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Constitutional Cliffhangers$
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Brian C. Kalt

Print publication date: 2012

Print ISBN-13: 9780300123517

Published to Yale Scholarship Online: October 2013

DOI: 10.12987/yale/9780300123517.001.0001

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Removing a “Disabled” President

Removing a “Disabled” President

Chapter:
(p.61) 3 Removing a “Disabled” President
Source:
Constitutional Cliffhangers
Author(s):

Brian C. Kalt

Publisher:
Yale University Press
DOI:10.12987/yale/9780300123517.003.0004

This chapter explores the muddy path to determining whether the president is disabled or not: the second of the five steps, in which the vice president and cabinet have four days to re-challenge the president. It is indisputable that Section 4's creators intended for the vice president to remain in charge during this waiting period, and there is ample evidence that Section 4 so provides. Unfortunately, the text of Section 4 is unclear, so it has occasionally been misread as placing the president in charge during the waiting period. As seen in this chapter's hypothetical scenario, if push ever comes to shove, things could go very badly. When Section 4 was being debated, Senator Robert Kennedy worried about a situation in which “[t]here would be two Presidents and two Cabinets.” This skittishness might explain why Section 4 has never been used.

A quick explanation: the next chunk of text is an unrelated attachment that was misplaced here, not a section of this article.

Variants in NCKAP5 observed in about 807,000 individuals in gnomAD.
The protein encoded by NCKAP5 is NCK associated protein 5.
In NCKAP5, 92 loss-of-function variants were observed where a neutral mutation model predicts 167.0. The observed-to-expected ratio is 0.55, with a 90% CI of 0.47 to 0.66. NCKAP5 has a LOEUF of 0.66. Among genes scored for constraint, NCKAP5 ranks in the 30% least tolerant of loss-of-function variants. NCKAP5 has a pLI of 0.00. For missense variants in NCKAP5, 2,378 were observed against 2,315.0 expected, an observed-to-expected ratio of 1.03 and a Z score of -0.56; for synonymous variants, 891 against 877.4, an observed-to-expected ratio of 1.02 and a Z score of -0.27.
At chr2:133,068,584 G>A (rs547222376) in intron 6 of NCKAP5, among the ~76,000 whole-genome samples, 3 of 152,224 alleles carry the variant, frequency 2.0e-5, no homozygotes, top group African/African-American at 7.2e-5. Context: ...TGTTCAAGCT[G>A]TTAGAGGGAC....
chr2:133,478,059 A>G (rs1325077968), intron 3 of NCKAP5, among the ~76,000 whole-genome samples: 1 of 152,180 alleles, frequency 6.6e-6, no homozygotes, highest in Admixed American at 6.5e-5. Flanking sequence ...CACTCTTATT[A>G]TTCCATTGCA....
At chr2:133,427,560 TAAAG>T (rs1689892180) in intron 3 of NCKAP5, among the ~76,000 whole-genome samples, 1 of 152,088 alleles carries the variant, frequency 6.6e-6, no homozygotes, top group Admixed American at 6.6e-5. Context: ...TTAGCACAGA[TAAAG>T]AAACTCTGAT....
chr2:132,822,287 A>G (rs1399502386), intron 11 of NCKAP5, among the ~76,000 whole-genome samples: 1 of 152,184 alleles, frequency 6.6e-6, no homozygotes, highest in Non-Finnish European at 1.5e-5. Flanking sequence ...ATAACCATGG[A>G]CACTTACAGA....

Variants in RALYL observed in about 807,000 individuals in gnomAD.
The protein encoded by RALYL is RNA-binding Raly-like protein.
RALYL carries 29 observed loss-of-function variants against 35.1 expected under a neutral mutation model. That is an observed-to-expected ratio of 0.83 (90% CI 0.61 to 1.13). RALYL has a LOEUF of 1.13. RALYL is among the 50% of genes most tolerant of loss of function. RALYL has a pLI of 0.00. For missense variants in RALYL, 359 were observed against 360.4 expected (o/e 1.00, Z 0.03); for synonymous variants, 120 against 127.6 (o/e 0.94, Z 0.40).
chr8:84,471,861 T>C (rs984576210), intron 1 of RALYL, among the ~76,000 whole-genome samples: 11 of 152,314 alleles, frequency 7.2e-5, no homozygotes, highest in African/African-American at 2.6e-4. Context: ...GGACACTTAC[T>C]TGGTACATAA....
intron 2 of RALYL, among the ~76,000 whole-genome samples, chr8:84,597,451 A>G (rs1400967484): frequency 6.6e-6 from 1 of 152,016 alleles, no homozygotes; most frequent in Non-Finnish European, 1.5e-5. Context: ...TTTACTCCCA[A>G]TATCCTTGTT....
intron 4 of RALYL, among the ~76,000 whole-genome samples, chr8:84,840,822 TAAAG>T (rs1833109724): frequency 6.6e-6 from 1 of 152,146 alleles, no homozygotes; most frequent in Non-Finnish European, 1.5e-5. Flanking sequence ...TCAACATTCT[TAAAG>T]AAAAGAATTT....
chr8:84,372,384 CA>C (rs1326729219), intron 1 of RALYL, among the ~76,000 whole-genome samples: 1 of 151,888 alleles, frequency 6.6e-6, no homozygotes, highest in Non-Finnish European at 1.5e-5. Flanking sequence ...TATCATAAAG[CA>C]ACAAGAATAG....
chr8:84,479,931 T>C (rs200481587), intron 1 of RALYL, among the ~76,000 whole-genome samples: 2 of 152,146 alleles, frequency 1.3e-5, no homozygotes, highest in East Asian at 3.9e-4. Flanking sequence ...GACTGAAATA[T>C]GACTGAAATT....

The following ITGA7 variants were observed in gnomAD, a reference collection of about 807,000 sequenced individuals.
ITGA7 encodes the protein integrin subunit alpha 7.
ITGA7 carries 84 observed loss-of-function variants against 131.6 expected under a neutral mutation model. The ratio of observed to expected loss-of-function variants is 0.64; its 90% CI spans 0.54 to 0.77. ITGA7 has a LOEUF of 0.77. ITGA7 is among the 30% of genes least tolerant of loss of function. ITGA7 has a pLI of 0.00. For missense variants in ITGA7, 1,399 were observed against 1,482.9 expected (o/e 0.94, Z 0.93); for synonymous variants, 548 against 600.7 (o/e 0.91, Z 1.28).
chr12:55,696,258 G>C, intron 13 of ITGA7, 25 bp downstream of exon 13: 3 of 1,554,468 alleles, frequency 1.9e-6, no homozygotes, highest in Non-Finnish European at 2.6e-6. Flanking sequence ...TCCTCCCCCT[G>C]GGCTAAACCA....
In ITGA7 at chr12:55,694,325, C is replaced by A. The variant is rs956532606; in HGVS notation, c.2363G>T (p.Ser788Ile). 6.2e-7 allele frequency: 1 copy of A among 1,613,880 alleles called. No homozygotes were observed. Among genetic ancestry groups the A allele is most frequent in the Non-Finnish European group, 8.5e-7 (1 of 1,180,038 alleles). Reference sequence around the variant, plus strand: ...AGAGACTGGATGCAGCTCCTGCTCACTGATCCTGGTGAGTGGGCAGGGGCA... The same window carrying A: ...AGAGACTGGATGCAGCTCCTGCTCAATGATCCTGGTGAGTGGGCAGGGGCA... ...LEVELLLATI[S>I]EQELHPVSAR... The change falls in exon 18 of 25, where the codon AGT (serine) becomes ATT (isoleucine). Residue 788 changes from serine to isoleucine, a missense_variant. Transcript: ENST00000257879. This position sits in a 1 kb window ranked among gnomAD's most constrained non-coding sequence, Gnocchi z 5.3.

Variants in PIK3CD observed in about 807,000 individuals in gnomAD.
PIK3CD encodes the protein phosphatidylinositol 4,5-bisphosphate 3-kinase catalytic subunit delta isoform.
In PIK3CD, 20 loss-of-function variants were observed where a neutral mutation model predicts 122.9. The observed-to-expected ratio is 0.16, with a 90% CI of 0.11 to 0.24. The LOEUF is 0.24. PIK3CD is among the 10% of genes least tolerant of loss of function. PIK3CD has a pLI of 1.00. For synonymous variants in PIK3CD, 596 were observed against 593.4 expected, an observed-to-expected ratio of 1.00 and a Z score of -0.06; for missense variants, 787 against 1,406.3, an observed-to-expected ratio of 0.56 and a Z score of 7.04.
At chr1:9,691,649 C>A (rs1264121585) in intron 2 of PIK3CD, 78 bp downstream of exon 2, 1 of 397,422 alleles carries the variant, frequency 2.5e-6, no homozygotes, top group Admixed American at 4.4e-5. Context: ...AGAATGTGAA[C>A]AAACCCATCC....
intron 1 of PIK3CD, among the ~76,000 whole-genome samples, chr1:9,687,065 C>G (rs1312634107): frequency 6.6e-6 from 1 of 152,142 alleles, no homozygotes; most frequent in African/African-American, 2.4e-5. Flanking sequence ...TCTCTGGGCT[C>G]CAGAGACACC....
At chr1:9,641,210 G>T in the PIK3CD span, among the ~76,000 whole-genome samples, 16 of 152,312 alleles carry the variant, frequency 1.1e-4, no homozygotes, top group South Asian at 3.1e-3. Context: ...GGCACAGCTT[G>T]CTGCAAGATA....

Keywords:   muddy path, vice president, cabinet, Section 4, waiting period, Senator Robert Kennedy

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